Blackwell Publishing Journal Backfiles 1879-2005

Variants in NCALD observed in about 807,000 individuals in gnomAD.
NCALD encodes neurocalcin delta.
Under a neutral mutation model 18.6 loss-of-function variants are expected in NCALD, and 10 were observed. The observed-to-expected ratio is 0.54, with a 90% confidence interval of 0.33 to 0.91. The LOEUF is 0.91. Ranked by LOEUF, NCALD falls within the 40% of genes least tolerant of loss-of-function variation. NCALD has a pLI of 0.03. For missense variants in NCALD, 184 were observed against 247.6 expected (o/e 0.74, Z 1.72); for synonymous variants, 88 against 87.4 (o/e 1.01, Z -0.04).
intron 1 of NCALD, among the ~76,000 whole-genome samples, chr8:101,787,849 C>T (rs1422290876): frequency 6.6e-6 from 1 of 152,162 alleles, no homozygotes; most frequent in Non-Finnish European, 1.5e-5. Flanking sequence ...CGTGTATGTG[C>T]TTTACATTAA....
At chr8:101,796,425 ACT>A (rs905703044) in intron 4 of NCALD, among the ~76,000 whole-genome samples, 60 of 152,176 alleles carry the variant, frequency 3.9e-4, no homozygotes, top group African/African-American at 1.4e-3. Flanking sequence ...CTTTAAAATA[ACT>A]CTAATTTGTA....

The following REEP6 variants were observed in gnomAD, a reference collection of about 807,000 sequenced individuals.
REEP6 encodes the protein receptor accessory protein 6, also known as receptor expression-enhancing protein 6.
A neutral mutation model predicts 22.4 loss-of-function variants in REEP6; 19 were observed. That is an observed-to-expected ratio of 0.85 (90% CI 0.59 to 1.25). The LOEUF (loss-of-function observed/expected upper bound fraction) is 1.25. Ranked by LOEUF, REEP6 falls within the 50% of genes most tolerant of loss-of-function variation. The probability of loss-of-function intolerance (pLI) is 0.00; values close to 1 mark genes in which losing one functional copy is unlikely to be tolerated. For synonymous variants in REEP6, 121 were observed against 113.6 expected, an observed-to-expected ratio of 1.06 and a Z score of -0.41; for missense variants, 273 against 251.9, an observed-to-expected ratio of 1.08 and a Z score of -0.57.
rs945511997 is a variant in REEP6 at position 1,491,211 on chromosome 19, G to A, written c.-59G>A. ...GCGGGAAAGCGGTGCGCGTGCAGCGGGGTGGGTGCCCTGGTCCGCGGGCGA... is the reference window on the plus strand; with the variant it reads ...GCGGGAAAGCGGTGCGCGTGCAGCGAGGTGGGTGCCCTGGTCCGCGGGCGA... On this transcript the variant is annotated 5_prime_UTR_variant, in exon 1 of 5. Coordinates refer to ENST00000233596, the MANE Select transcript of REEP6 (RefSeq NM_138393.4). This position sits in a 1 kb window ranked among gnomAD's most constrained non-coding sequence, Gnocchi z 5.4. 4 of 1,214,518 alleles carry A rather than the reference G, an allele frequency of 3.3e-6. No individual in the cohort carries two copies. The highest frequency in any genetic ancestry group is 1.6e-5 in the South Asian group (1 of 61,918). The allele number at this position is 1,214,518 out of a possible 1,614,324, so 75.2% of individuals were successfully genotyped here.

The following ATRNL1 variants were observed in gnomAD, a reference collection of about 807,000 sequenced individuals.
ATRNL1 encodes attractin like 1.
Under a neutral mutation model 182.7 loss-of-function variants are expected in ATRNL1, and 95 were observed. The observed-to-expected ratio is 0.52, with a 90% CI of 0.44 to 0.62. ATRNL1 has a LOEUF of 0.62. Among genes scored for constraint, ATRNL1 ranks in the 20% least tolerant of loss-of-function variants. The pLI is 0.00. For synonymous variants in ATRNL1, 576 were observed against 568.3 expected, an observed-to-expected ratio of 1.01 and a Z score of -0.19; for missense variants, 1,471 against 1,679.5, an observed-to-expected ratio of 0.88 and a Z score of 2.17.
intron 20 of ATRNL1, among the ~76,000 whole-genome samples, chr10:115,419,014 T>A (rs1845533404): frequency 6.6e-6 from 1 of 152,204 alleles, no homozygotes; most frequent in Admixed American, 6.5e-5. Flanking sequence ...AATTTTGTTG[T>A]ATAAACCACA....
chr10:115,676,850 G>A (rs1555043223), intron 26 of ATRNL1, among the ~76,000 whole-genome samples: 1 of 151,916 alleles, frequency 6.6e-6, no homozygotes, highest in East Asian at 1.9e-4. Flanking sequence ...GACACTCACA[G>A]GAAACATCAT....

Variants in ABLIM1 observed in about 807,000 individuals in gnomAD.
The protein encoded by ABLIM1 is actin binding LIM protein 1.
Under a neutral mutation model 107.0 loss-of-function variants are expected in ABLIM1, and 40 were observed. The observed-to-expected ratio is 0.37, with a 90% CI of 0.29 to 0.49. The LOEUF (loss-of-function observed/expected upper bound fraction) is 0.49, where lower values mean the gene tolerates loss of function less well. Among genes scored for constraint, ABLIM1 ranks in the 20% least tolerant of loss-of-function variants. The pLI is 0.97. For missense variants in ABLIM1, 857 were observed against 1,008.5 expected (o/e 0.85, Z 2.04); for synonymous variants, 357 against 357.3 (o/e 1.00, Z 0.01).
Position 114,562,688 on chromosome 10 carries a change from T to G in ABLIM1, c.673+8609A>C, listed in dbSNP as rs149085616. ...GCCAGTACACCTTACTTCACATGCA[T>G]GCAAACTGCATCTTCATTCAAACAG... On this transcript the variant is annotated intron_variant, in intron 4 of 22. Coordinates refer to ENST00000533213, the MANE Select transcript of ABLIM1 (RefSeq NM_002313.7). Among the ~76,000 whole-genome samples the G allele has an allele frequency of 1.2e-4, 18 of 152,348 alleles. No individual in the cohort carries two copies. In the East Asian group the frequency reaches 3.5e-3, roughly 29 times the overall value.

Background : Treatment with interferon-alpha has been shown to be effective in one-third of hepatitis B e antigen-positive chronic hepatitis B patients, but is clinically associated with relevant adverse events.Aim : To investigate the safety of pegylated interferon alpha-2b in 300 hepatitis B e antigen-positive patients with compensated liver disease.Methods : Patients were treated with pegylated interferon alpha-2b for 52 weeks combined with either lamivudine 100 mg/day or placebo. Pegylated interferon alpha-2b was administered for 100 μg once a week for 32 weeks; thereafter, the dose was reduced to 50 μg once a week. Adverse events and their effect on study medication were reported at monthly visits in a standardized way.Results : The most frequently reported side-effects were flu-like syndrome (68%), headache (40%), fatigue (39%), myalgia (29%) and local reaction at the injection site (29%). These symptoms typically occurred within the first month of therapy and subsided during the course of therapy. Neutropenia and thrombocytopenia induced by pegylated interferon alpha-2b increased the risk of infections and bleeding complications, but these complications were rare and mild. The frequency of all side-effects was not different between patients treated with pegylated interferon alpha-2b combined with lamivudine or placebo. In 69 (22%) patients the dose of pegylated interferon alpha-2b was reduced prematurely. Of these dose reductions, 36 (52%) were because of neutropenia. Therapy was discontinued in 28 (8%) patients. The most frequent reasons for early discontinuation were psychiatric side-effects (depression, psychosis) and flu-like symptoms. Multivariate Cox regression analysis showed that low neutrophil count at baseline and cirrhosis were independent predictors of dose reduction or therapy discontinuation.Conclusion : We conclude that in patients with chronic hepatitis B and compensated liver disease prolonged pegylated interferon alpha-2b therapy is safe, and that pre-existent cirrhosis and neutropenia are the most important predictors of dose reduction or early treatment discontinuation.
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